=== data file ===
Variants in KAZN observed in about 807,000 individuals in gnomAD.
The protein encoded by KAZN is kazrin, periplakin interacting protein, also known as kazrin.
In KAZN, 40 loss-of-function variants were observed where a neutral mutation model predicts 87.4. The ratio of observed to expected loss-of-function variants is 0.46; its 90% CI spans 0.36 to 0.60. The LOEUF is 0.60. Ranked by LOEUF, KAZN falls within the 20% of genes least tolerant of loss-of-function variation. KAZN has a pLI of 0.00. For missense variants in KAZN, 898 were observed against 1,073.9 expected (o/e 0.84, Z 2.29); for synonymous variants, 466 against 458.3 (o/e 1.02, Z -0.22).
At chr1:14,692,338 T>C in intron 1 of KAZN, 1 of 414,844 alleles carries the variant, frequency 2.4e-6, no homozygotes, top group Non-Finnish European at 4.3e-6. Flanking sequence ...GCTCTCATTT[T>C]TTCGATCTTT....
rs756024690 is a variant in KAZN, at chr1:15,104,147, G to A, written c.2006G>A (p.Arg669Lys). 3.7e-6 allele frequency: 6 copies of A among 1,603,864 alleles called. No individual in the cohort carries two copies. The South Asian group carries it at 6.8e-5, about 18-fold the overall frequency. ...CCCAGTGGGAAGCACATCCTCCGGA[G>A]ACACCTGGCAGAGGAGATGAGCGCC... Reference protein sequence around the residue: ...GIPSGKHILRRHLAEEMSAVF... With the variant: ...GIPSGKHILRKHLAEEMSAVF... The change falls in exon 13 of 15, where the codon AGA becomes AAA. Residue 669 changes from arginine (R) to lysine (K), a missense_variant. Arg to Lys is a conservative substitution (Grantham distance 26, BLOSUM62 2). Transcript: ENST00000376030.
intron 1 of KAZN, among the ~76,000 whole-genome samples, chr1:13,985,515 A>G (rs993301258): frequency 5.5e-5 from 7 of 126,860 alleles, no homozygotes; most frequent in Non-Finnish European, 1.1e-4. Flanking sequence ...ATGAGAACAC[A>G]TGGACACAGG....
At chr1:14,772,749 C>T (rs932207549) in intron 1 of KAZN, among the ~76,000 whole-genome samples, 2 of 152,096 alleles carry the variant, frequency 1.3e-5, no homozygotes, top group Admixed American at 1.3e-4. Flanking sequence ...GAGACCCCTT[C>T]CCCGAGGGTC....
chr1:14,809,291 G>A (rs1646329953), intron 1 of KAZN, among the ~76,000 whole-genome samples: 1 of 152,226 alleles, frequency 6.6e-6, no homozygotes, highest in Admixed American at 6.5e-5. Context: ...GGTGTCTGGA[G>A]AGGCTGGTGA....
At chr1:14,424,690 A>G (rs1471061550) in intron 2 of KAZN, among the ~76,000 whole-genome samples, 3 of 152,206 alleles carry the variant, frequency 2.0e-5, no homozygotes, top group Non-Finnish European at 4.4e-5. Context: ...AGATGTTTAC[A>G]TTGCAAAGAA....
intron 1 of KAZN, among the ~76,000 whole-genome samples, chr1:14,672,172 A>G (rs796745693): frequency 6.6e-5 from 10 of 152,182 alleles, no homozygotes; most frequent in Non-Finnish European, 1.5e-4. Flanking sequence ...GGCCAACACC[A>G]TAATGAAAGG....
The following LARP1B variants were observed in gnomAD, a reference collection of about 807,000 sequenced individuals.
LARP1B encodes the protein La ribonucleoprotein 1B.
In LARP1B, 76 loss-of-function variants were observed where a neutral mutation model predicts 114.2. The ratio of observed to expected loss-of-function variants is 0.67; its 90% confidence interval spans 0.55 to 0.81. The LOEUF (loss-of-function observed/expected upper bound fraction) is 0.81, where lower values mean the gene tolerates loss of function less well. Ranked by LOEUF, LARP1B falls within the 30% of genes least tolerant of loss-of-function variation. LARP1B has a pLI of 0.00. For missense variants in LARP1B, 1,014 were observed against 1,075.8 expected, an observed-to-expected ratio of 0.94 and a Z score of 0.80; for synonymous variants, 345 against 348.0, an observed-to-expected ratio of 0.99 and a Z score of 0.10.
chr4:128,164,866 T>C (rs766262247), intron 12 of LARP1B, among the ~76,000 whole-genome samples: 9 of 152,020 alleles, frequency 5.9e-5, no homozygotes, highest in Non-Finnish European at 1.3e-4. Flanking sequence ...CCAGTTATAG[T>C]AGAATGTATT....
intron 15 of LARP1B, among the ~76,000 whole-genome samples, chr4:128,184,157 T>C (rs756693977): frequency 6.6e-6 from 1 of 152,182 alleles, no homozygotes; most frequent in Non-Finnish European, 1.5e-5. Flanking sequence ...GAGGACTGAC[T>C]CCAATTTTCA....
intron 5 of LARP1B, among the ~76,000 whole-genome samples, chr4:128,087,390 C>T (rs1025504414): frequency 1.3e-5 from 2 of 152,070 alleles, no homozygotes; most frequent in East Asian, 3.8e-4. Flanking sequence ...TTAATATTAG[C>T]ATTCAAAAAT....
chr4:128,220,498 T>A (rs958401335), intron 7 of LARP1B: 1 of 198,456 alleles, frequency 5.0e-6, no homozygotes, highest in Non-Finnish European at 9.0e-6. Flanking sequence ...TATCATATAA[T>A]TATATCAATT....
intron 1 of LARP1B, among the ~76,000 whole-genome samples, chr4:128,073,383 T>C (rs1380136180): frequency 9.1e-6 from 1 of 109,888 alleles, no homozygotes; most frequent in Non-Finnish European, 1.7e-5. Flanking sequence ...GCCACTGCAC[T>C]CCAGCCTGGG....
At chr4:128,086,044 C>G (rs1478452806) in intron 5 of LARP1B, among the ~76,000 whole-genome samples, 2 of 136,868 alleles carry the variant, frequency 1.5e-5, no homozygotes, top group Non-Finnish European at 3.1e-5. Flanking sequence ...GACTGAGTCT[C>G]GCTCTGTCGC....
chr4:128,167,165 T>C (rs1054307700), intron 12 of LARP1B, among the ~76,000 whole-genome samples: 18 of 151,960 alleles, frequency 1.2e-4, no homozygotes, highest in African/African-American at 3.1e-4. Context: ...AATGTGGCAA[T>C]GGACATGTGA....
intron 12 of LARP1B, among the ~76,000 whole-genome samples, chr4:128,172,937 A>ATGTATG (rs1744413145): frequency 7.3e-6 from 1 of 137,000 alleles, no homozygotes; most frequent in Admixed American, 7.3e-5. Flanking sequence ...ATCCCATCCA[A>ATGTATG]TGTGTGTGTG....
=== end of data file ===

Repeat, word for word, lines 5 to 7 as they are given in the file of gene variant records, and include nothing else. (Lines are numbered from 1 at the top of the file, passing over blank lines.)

rs756024690 is a variant in KAZN, at chr1:15,104,147, G to A, written c.2006G>A (p.Arg669Lys). 3.7e-6 allele frequency: 6 copies of A among 1,603,864 alleles called. No individual in the cohort carries two copies. The South Asian group carries it at 6.8e-5, about 18-fold the overall frequency. ...CCCAGTGGGAAGCACATCCTCCGGA[G>A]ACACCTGGCAGAGGAGATGAGCGCC... Reference protein sequence around the residue: ...GIPSGKHILRRHLAEEMSAVF... With the variant: ...GIPSGKHILRKHLAEEMSAVF... The change falls in exon 13 of 15, where the codon AGA becomes AAA. Residue 669 changes from arginine (R) to lysine (K), a missense_variant. Arg to Lys is a conservative substitution (Grantham distance 26, BLOSUM62 2). Transcript: ENST00000376030.
intron 1 of KAZN, among the ~76,000 whole-genome samples, chr1:13,985,515 A>G (rs993301258): frequency 5.5e-5 from 7 of 126,860 alleles, no homozygotes; most frequent in Non-Finnish European, 1.1e-4. Flanking sequence ...ATGAGAACAC[A>G]TGGACACAGG....
At chr1:14,772,749 C>T (rs932207549) in intron 1 of KAZN, among the ~76,000 whole-genome samples, 2 of 152,096 alleles carry the variant, frequency 1.3e-5, no homozygotes, top group Admixed American at 1.3e-4. Flanking sequence ...GAGACCCCTT[C>T]CCCGAGGGTC....